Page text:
Anger, defiance as Chile abandons volcano-hit town

Thu Feb 26, 2009 3:56pm EST
Email This Article |
Share This Article
  • Facebook
  • LinkedIn
  • Twitter
| Print This Article | Single Page
[-] Text [+]

By Simon Gardner

CHAITEN, Chile (Reuters) - Hostel owner Rita Gutierrez Vargas would rather run the risk of being incinerated by another volcanic eruption than leave the Chilean town where she has spent her entire life.

Her mud-caked, ash-smothered town of Chaiten deep in Chile's southern Patagonia region was devastated after a spectacular eruption last year, and is still at risk as the nearby volcano of the same name continues to belch a vast column of ash and gas.

There is no running water, no electricity, most of Chaiten is a ghost town and there are sporadic earth tremors. But Vargas, 51, and a clutch of fellow holdouts vow to stay put, and reject a government plan to write off Chaiten and rebuild from scratch a few miles (km) north.

"Fifty percent of Chaiten is still alive, the government cannot kill it," Vargas said, gesturing at intact buildings as she and a dozen other residents gathered in a town square to protest the resettlement plan announced on Wednesday.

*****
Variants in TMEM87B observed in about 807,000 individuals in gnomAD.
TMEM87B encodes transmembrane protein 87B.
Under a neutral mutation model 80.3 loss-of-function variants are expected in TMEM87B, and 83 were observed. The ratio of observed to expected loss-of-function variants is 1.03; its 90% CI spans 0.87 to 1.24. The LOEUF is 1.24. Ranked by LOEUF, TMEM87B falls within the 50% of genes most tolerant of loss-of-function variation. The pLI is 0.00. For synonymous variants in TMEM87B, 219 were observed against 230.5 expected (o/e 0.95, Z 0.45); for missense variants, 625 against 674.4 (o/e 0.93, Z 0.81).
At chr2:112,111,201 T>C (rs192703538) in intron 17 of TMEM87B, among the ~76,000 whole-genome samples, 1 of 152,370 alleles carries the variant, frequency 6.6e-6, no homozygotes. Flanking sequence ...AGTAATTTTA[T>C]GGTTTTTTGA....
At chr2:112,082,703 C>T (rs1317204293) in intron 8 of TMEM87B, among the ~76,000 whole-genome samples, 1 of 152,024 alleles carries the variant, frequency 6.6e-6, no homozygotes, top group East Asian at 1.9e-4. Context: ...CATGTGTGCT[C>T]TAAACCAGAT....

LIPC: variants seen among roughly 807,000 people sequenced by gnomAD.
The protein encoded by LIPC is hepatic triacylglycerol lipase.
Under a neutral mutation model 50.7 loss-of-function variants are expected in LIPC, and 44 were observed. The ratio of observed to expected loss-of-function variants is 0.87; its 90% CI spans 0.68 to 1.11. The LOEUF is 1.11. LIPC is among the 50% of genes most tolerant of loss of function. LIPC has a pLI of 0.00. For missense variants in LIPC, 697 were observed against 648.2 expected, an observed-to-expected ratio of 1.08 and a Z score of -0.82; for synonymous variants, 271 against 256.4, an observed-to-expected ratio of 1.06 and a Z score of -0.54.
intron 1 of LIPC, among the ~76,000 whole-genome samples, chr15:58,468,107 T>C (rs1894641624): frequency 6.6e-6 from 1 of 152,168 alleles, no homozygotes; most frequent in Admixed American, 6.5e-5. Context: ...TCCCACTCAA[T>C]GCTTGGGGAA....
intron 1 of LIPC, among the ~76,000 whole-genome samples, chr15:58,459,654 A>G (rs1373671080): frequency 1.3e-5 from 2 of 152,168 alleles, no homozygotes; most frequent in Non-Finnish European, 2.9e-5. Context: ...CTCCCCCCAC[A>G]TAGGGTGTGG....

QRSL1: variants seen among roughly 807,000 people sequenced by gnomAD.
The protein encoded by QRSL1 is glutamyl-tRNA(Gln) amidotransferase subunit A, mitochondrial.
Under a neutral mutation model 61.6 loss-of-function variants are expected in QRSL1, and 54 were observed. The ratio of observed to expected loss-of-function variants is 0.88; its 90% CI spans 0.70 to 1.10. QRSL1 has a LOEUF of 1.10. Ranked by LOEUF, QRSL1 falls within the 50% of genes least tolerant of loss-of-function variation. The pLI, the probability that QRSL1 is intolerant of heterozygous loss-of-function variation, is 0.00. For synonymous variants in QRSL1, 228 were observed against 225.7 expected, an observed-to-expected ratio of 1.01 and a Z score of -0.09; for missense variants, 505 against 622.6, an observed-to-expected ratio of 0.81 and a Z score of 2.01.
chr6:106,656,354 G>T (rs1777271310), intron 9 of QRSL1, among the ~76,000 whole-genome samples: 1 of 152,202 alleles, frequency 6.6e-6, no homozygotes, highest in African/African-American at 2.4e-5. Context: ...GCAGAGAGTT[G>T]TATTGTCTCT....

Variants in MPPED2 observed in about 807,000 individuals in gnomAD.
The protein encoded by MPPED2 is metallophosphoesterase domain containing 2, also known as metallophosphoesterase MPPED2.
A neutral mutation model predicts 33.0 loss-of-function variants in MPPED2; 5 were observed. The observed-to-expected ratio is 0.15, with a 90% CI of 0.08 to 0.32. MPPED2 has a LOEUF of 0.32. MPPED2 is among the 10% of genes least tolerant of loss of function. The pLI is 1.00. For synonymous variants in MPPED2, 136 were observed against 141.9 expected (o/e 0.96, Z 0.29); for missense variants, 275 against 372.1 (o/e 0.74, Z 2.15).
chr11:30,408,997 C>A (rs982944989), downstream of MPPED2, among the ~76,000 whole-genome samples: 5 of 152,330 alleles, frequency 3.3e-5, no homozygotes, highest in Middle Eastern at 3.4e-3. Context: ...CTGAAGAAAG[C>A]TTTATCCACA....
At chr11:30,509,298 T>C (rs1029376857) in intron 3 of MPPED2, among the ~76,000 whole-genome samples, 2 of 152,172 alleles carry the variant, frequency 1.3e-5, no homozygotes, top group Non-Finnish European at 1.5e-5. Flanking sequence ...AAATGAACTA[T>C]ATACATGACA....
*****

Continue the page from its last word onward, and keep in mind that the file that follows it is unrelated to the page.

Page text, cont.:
"I'm not afraid of the volcano. It lived with us for many years, now we are adapting to living with it," added Vargas, who has draped a Chilean flag on her hostel's facade and a sign rejecting the resettlement plan.

Nearby, houses and cars remain mired in debris after the volcano erupted last May for the first time in thousands of years, sending ash as high as 20 miles into the stratosphere and coating towns in neighboring Argentina.

No one was killed in the eruption, but one person died of a heart attack while being evacuated.

Dogs and horses still roam free after most of the town's 5,600 residents left months ago to live in shelters and with friends and relatives. Just under 100 people remain in Chaiten, residents say.   Continued...

<p>Residents of Chaiten show the inverted flag of Chile during a protest against the government of Bachelet in Chaiten town, located some 1,220 km (758 miles) south of Santiago February 26, 2009. REUTERS/Victor Ruiz Caballero</p>